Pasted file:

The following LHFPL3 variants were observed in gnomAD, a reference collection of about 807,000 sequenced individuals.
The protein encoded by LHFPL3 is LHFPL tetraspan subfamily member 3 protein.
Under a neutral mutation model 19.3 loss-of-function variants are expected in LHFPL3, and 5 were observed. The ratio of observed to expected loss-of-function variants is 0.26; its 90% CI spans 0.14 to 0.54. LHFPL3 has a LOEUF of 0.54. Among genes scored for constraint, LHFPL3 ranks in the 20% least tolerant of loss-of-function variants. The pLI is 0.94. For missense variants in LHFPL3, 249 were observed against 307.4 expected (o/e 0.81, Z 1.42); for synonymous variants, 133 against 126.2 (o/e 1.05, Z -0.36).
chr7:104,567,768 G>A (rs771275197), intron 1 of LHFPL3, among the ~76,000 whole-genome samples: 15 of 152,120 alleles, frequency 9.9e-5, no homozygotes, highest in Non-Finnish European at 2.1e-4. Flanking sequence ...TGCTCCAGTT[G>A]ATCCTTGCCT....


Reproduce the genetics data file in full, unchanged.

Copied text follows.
The following LHFPL3 variants were observed in gnomAD, a reference collection of about 807,000 sequenced individuals.
The protein encoded by LHFPL3 is LHFPL tetraspan subfamily member 3 protein.
Under a neutral mutation model 19.3 loss-of-function variants are expected in LHFPL3, and 5 were observed. The ratio of observed to expected loss-of-function variants is 0.26; its 90% CI spans 0.14 to 0.54. LHFPL3 has a LOEUF of 0.54. Among genes scored for constraint, LHFPL3 ranks in the 20% least tolerant of loss-of-function variants. The pLI is 0.94. For missense variants in LHFPL3, 249 were observed against 307.4 expected (o/e 0.81, Z 1.42); for synonymous variants, 133 against 126.2 (o/e 1.05, Z -0.36).
chr7:104,567,768 G>A (rs771275197), intron 1 of LHFPL3, among the ~76,000 whole-genome samples: 15 of 152,120 alleles, frequency 9.9e-5, no homozygotes, highest in Non-Finnish European at 2.1e-4. Flanking sequence ...TGCTCCAGTT[G>A]ATCCTTGCCT....